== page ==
When Ruth and he visited the university’s campus that evening, the laboratory he shared with other Jewish students had been wrecked and their laboratory projects destroyed.
Before leaving for home, a friend stated his thesis had been stolen.
When she returned to New York, her parents wanted her to settle down and get married, but the unquenchable Ruth was a wanderlust.
She could not obtain a full time job. However, in 1935, she began working as a Foreign Correspondent for the New York Herald Tribune. At the Tribune, she had no desk or office, and was considered part-time. Although not mentioned, I doubt she received equal wages during that time.
But she wanted to write about women under fascism and communism in the Soviet Union.
Representing the New York Herald Tribune, she flew to Europe.
Before traveling to Russia, she visited Germany and Poland. Hitler had seized control in Germany. Her former German beau had joined the Nazi party. He looked at the Nazis through rose-colored glasses.
When she reached Poland, she visited family members. However, suspicious Polish authorities curtailed her visit and demanded she leave.
Once in Russia, having an introduction letter, she made the right contacts there. However, her visits to certain areas were delayed for several weeks. She required an additional visa to travel.
When she arrived in the Soviet Arctic, the local director, of the former NKVD, now the KGB, refused her request to interview Trotskyites and other prisoners. He permitted her to have a brief interview with a professor of historical India, who served his sentence in the Soviet Artic.
Ruth became the first American woman to visit the Yakuts, an indigenous people living in Yakutsk, part of the Soviet Artic.
Before her departure, she met female Yakuts at a five-day women’s conference. They stated the 1916 Revolution had liberated women. They believed socialism made women equal with men and that their lives were fuller.
I enjoyed reading the audacious and resolute Ms. Gruber’s educational accomplishments and her travels to Germany and Eastern Europe.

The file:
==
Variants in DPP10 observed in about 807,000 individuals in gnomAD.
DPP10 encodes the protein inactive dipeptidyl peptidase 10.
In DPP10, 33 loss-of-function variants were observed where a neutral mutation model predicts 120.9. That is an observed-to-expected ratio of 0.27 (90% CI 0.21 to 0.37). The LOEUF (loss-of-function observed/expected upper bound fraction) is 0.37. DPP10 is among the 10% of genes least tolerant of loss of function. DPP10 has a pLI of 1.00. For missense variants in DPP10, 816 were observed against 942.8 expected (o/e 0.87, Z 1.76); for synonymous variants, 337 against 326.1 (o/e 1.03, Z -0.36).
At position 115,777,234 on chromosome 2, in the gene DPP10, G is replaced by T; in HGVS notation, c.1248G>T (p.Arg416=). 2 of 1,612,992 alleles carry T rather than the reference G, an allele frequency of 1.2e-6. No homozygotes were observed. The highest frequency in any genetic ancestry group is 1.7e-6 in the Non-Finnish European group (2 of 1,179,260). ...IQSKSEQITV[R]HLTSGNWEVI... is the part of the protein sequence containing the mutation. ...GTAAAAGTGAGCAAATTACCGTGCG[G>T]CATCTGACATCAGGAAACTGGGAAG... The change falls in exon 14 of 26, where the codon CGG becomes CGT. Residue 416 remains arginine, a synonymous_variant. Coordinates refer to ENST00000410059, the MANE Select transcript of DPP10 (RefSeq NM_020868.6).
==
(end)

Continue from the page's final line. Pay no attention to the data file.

Unyielding to family pressure, and what was expected of women during that era, she was a liberated woman before her time.
To most, Ms. Gruber’s writing might appear limited on her subjects. The reason could have been that war had begun to ferment, ultimately leading to Germany seizing Poland in 1939. In 1943 Russia defeated Germany at Stalingrad.
During Ms. Gruber’s visit to Russia, I believe the Soviets were genial and permitted her to visit anywhere she requested. However, they limited her resources, the interviewees and what information they provided. She had an interpreter, Tanya, whom I deemed her bossy, opinionated, sentry.
Ms. Gruber’s writing about Germany’s dreadful transformation would have been a more interesting survey of that period. However, on her return as a correspondent, before traveling east, she saw the fear in the eyes of German citizens being herded away by the Nazis. She was warned by a concerned citizen to leave before she became a victim. Therefore, it was far too dangerous that she stay.
When she left the Soviet Arctic, Ms. Gruber questioned what the experience had meant to her. Did it change her? She felt she still had all her limitations and faults. But she received new understanding and faith in herself.
Ms. Gruber is alive and 103 years old.
I found it fascinating. What I was not expecting to read was a first person account of a woman watching the "brewing" of WWII from within Europe, and subsequently Russia. And, it all came together by accident. Interesting to see the connections between seemingly unrelated events in seemingly unrelated places. Never mind what this woman accomplished before most women were in a position to accomplish anything close to what she acheived. After all, this was in the 1930s!
This is a remarkable story, and very well written. I intend to read her other books.